The smaller birds, such as the Galapagos mocking bird, were more timid than most of the island wildlife but they still provided photo opportunities on occasion.  Interestingly, there are seven subspecies of the Galapagos mockingbird, and each one seems to be largely endemic to different islands of the archipelago.  Apparently, it was the differences (such as beak size and shape) among these birds, as well as his better known study of the Galapagos finches (15 subspecies) that sparked Darwin’s thinking about adaptive evolution.

 

Galapagos 24 Floreana IslandSunrise, Floreana Island

 

 

Coming Next: The World Famous Blue-Footed Booby

Galapagos Islands (Part 1)

Galapagos 21 Another Sunrise           Sunrise on the Equator, Pacific Ocean

The Galapagos Islands are a chain, or archipelago, formed by volcanic action over the past 5 million years.  Located on the equator about 600 miles west of Ecuador. But what makes them special is the unique array of wildlife that is found there.  Many of the species are found nowhere else on earth and, because they lack natural predators, most have no fear of the thousands of tourists (even photographers) who come to see them every year.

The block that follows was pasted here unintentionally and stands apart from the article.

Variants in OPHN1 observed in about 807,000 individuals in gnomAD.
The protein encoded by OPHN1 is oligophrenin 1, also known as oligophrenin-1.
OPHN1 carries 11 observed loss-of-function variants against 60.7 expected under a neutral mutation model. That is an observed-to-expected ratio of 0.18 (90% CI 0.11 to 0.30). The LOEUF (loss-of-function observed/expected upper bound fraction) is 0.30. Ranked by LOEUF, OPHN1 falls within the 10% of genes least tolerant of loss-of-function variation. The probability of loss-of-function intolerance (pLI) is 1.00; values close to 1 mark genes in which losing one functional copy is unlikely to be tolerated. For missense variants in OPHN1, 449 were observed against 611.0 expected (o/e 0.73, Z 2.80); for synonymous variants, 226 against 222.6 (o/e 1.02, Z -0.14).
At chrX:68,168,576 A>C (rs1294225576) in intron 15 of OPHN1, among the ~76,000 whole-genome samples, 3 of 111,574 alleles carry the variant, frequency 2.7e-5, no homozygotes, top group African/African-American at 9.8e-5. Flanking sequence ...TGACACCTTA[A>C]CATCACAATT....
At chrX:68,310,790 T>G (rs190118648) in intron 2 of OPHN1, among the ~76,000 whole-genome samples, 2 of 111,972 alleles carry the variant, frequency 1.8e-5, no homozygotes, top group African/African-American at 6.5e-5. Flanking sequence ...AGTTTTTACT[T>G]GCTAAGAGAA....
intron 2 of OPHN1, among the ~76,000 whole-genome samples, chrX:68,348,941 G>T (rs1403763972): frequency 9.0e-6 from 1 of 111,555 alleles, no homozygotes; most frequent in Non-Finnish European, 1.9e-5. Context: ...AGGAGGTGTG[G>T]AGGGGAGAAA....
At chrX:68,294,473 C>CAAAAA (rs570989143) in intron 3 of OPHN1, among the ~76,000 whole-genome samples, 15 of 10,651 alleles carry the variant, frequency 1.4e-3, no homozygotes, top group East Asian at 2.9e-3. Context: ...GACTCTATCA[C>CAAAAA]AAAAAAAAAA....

Galapagos 02 Land Iguana

Galapagos Land Iguana, Feeding on Succulents

The Galapagos Land Iguana is primarily an herbivore, feeding mostly on cacti and other succulents and thus can go for long periods without drinking water.  This species can weigh up to 13 pounds and they can live for as long as 50 to 60 years. The female lays up to 20 eggs in burrows they have excavated.

Galapagos 07 Frigate Red Chest

 

There are two kinds of frigatebirds on the islands, but the males of both variants possess the distinctive red throat pouch which inflates into enormous heart-shaped balloons. It can take up to 30 minutes for the pouch to completely fill as the male hopes to enthrall a passing  female.